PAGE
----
"Three Piano Pieces" are early works highlighting his solo prowess. The first piece is an askew waltz that grows contemplative; the second a lovely melody of twining scales played impossibly between switching hands; and the third, in the Prokofiev vein, at times sounds like cuban piano abstracted into cubism.
"Normandy: June 6, 1944" is a complex condensation of the events of that pivotal shore landing, in sound waves, led by a "Taps"-style horn while the music behind it begins remembering itself by descending backward through the arrangement. "Piano Attacks" are literal blasts of piano techniques stocatto-ed in 90 seconds!'
The surprise dessert is "La Voyage Dans La Lune", for the 100th anniversary of the first Science Fiction film (A Trip To The Moon, 1902). Its crash of sprinting drums and off-kilter horns is enthralling and powerful, while moments of beauty snake throughout. Fantastic!"
Meanwhile, in Afghanistan...
Jim Shine | Dublin, Ireland | 09/02/2008
(4 out of 5 stars)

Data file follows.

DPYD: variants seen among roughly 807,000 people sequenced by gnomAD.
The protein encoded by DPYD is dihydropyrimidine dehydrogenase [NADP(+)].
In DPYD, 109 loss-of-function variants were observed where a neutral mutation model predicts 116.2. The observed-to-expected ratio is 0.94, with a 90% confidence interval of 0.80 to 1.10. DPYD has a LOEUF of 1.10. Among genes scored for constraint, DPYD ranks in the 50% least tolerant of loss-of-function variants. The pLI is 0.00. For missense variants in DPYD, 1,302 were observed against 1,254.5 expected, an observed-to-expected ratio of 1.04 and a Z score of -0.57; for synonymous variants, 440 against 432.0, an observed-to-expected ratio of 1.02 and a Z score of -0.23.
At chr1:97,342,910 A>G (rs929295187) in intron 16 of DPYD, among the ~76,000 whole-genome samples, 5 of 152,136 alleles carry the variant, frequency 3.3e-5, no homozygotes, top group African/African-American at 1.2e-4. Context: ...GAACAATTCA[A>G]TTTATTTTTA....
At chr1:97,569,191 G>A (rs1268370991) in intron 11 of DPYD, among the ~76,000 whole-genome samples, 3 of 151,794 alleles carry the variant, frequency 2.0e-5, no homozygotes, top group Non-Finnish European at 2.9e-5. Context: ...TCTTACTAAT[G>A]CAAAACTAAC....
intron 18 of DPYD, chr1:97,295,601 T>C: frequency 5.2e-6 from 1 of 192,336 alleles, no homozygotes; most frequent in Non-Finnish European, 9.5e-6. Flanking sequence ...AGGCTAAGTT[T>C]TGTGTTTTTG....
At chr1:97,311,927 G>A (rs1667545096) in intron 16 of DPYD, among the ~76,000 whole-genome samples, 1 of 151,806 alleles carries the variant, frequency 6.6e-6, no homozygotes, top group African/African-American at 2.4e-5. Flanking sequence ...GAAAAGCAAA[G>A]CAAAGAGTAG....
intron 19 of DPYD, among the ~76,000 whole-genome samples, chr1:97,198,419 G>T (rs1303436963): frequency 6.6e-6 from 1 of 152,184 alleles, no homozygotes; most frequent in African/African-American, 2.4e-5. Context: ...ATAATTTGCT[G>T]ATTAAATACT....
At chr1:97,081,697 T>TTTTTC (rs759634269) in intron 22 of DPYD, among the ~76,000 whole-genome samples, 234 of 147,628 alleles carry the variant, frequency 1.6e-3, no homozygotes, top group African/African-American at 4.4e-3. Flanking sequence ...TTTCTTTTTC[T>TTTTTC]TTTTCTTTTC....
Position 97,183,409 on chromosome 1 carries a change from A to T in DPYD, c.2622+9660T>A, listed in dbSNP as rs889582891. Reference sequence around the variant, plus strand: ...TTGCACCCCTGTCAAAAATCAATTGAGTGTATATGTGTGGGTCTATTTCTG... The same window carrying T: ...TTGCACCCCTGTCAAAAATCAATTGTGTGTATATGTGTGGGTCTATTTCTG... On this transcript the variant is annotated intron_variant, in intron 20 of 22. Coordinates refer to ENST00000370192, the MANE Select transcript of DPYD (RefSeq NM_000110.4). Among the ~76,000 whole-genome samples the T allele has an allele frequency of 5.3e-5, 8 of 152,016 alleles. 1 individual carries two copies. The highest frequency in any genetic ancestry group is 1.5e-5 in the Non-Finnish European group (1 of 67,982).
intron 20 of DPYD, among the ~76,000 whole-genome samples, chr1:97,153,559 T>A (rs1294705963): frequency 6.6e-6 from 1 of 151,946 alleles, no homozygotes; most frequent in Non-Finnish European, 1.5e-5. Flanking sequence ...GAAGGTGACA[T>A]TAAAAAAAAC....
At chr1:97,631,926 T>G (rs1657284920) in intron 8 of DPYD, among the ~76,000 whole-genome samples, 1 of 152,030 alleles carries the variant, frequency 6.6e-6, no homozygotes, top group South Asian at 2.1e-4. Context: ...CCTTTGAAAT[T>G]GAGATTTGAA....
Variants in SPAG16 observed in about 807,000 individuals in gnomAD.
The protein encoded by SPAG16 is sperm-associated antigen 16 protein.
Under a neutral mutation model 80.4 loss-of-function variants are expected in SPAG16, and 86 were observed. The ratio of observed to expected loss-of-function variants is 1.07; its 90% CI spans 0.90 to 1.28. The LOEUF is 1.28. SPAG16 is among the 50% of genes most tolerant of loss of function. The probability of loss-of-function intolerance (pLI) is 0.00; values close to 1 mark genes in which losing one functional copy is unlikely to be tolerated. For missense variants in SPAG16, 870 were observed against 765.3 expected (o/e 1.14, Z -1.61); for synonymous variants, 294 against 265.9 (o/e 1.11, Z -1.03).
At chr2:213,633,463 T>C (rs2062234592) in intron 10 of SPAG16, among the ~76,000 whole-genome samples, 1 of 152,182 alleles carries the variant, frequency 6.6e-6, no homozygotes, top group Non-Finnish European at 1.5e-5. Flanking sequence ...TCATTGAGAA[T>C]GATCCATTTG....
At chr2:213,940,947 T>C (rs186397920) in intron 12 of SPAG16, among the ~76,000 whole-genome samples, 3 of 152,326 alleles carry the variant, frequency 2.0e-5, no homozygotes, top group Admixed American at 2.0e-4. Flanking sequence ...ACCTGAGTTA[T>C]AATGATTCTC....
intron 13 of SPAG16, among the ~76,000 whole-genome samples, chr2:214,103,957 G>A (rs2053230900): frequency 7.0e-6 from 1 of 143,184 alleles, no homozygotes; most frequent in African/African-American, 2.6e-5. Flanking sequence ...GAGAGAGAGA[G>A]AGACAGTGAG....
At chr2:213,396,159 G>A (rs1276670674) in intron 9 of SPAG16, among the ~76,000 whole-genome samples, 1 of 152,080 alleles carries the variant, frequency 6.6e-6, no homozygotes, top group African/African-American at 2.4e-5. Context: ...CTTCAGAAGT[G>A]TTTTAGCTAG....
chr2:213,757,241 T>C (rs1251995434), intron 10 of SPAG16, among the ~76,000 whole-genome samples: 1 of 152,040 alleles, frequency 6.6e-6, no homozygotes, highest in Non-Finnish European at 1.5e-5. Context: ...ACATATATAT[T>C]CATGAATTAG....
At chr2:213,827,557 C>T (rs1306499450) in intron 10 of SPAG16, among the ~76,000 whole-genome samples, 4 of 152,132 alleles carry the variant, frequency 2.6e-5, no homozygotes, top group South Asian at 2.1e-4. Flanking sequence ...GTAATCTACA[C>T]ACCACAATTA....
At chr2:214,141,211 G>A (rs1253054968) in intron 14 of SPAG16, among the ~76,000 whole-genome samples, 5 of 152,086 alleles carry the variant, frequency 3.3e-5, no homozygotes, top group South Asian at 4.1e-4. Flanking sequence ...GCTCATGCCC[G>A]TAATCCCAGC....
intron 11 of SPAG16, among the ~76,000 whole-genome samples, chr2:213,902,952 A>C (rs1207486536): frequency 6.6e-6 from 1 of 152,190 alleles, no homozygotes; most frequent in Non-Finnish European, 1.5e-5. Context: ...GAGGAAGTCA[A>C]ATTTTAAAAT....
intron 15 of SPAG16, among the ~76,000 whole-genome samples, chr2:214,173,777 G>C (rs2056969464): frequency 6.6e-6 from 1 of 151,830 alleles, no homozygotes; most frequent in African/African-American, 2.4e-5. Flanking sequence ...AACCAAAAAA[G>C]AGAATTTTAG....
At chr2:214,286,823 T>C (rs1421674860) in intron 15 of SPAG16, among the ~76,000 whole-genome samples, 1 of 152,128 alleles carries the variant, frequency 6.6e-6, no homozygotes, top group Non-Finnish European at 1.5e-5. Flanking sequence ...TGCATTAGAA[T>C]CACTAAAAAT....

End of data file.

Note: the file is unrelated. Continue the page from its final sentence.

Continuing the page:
"Robert Ian Winstin has, according to his web site, written over 200 works, but he's a new name to me and, I suspect, many other potential listeners (he's not on Wikipedia, for example). He's won various awards and currently holds several positions, including composer in residence and guest conductor of the Kiev Philharmonic (whose building is on Wikipedia!). Is his music worth getting to know? Certainly, if you like music that's tuneful and witty, and not especially demanding on the ears. The main work here is Taliban Dances, a violin concerto that, as the sleeve notes put it, "speaks of the sadness and misery of war and loss for all". If this indeed was Winstin's intention then to my ears he's failed dismally: this music, which has a Middle Eastern feel but is projected through a Western lens, is a lot of fun. Yes, there are a couple of slow movements that have tenderness and beauty in them, but Winstin seems to favour the absurd rather than the tragic aspect of the work's oxymoronic title. Perhaps Taliban Dances is too much fun, even. Is it too soon after events to call a movement "Baghdad Bossa Nova" and use a slide whistle and popping balloons to depict falling bombs? This struck me at first as a bit tacky - and yet the bossa nova aspect is fun. And what are we to make of the final movement, where the medieval Dies Irae collides with Dixie? If this makes Winstin sound like Charles Ives, he's not, at least not in terms of the complexity of his music, but if the notion intrigues you, check the disc out. There are four other (shorter) works on the album, but I don't think any of them constitutes enough of a selling point on its own. The Three Pieces for Piano are short and tricky, while Piano Attacks is shorter and trickier; both sets are full of vim, as played by the composer. There are also two orchestral works. The Normandy piece was written for the 60th anniversary of the D-Day landings and is one of those Copland-via-John Williams noble-and-moving pieces that World War II continues to inspire. The last piece on the disc is actually the one I enjoyed most, a 2-minute prelude written for a rerelease of Georges Melies' classic 1902 film Le Voyage Dans La Lune. It doesn't strike me as especially evocative of the film, but it's a gloriously over-the-top piece of lunacy (with the Dies Irae, again). As elsewhere on the disc, the Kiev Philharmonic sound like they're enjoying themselves. It's a good-sounding album, too. Recommended for sheer entertainment value."